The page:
Important Security disscussion about Intel-ME and AMD-PSP

i wanted to post this on general tor and anonymity talk but apparently i can’t post there

i have studied and read a lot of research papers and blogs and conference talks about this , i want to try summarize all the findings and points and discuss them here - please correct me in anything if i am wrong - i hope security professionals will give some of their knowledge and wisdom in this subject.

As i understood, when it comes to backdoors there are 3 ways that they could be implemented
1- Intel-ME or AMD-PSP (low level processors that works all the time) some can be neutered or soft disabled.

2- undocumented cpu gateways or registers (closed source ISA) to execute a payload when a - trigger event - happens. # there is no way to compat this on x86.

3- hardware spyware embedded on different chips on the motherboard done by manufacturers or in the fap. # hard to discover, cannot beat that either.

now for the 2nd and 3rd cases , in the end they cannot be secure we have to go back to trusting trust.
but we should do what can we do anyways. so i have the following questions and scenarios i want to discuss
about the first case (Intel_ME and AMD-PSP):

1- how can such an attack happen when i am behind a NAT connection , having an openwrt router with uboot compiled from source code
the default openwrt firewall doesn’t allow incoming connections. So how can they talk to the Intel_ME ?

Researchers Christian Werling, Alexander Eichner and Robert Buhren came to the conclusion that the AMD-PSP doesn’t have a network stack included and therefore no direct communication to the internet and that its just there for memory init and SEV(Secure Encrypted Virtualization)

system76 engineer Jeremy Soller who worked on coreboot for amd laptop says the same thing too

Does that make AMD better than a neutered Intel-ME device ?! i mean if that’s 100% true , why not everybody uses AMD and make coreboot for them ? in the end after a neutered Intel-ME ,
they are both vulnerable to CPU-gateways spyware and embedded hardware spyware anyway, but at least AMD-PSP doesn’t have the network stack in the first place.
what am i missing ?

2- what if the laptop is connected to torified router , how can they connect to the ME through the torified connection that changes every 10 mins ?

speaking of tor , if they can communicate through NAT and firewall , how can we trust any tor relay or server , they would have passive access to all tor nodes, which will make it meaningless.

3- is there any logical proof that the HAP bit method or HECI message method actually work for disablement of Intel-ME , since the network stack blob is still there,
and because coreboot can’t see the ME device it shouldn’t mean its actually disabled , maybe its a mode that gives specific control for our glowy friends or am i completely wrong about this ,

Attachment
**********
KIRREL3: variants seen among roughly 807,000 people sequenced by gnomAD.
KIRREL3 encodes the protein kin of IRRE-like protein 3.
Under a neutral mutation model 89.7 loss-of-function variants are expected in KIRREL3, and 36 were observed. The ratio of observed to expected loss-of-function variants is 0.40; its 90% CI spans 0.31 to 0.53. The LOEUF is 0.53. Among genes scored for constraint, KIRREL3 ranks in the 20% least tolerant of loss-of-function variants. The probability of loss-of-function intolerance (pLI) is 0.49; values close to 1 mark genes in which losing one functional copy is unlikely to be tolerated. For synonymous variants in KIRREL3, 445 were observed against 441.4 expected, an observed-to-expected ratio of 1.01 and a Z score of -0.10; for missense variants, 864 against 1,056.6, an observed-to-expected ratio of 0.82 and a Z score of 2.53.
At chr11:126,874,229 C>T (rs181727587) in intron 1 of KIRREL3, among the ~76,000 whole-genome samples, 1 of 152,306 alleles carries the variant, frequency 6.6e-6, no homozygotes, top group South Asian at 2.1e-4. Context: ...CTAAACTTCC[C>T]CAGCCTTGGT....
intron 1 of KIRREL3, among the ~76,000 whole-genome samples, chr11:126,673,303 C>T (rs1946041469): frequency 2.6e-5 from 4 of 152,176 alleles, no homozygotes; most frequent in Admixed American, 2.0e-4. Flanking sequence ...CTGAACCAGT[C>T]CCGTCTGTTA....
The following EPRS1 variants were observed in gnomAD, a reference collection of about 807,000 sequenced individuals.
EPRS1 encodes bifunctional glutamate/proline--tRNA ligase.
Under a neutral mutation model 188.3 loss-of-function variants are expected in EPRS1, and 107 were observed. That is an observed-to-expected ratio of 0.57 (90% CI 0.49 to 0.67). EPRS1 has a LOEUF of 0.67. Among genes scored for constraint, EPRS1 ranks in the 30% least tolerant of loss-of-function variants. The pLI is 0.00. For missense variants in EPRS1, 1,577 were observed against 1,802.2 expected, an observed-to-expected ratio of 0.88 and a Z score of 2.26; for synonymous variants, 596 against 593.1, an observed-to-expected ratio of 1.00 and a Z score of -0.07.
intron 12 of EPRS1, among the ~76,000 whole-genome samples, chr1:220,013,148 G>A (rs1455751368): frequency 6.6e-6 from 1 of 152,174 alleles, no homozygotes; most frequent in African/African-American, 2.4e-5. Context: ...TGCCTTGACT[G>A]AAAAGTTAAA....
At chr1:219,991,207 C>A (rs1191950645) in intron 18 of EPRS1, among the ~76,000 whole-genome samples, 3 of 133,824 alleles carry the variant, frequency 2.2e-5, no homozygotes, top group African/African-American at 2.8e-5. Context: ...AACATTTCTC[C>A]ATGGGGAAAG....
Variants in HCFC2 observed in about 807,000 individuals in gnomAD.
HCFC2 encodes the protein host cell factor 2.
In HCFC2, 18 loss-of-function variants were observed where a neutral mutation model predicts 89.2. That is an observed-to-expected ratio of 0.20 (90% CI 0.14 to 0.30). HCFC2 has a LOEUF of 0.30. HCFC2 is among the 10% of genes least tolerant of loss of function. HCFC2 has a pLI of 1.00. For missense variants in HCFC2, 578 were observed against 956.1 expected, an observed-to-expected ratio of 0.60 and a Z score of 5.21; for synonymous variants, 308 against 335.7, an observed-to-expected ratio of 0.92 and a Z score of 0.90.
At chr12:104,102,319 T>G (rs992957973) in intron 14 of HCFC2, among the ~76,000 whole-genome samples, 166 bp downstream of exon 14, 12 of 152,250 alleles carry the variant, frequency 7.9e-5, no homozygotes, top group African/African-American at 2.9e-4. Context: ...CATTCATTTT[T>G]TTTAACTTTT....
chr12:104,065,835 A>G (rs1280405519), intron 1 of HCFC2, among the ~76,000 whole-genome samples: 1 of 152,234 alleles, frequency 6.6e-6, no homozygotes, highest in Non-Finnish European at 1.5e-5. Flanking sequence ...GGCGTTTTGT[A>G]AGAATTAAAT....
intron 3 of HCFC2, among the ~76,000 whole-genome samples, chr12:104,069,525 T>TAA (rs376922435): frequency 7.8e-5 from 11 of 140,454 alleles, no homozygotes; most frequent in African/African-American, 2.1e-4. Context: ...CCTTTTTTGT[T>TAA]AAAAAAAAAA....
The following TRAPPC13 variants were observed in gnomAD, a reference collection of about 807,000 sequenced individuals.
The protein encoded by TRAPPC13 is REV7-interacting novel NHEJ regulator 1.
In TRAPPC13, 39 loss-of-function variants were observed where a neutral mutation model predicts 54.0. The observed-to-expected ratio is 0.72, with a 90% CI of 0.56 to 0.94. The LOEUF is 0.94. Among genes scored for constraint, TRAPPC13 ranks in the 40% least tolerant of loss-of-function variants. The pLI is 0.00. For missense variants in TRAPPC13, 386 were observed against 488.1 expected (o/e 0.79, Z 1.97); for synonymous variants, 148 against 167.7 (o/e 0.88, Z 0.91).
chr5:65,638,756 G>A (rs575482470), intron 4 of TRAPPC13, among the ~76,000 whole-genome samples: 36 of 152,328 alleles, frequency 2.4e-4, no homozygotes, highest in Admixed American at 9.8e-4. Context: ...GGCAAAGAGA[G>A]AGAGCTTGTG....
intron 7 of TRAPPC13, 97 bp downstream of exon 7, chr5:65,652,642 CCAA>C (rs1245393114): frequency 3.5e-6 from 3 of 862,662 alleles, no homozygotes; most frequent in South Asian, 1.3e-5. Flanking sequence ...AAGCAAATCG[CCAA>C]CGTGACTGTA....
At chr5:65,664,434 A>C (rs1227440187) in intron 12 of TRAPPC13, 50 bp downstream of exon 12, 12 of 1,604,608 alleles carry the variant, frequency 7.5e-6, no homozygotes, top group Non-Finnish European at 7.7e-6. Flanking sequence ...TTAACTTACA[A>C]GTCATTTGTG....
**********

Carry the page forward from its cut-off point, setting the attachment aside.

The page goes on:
i wouldn’t trust anything but libreboot with libgfxinit , where the network stack blob is actually removed and there is no gpu blobs.

i hope someone can shed light on these things.

A reverse SSH shell. Look that up. Works behind any router, firewall except maybe if specifically blocking SSH but then they could also use a similar concept and obfuscate that traffic. This could be activated as soon as the processor sees a special “codeword” (any pattern).

A post was split to a new topic: How are Tor relays protected against backdoors?

Unless there’s audited (blueprint + fabrication) Open Source hardware that we can use to run our Open Source operating systems… I don’t think it matters much… Reasons:

Open-source Hardware - Kicksecure chapter Open Source BIOS and Firmware Security Impact in Kicksecure wiki

Interesting link with the exact quote that I very much agree with. Quote security researcher Christian in Question, regarding

From my personal perspective, in terms of threats customers already need to trust AMD with manufacturing something as complex as a CPU without introducing bugs (let alone backdoors). “Cleaning” one small piece of this complex system (i.e. the PSP’s firmware) would be a drop in the ocean.

No idea if this is related:

new wiki chapter written just now:
Open-source Hardware - Kicksecure chapter Requirements for Trustworthy Hardware in Kicksecure wiki

I would guess because:

  • Broken / non-existing / difficult business model. See: Open Source Business Models
  • Extremely difficult. There are no people working on this under these conditions.

General security question. Unspecific to Whonix.

Can be resolved as per: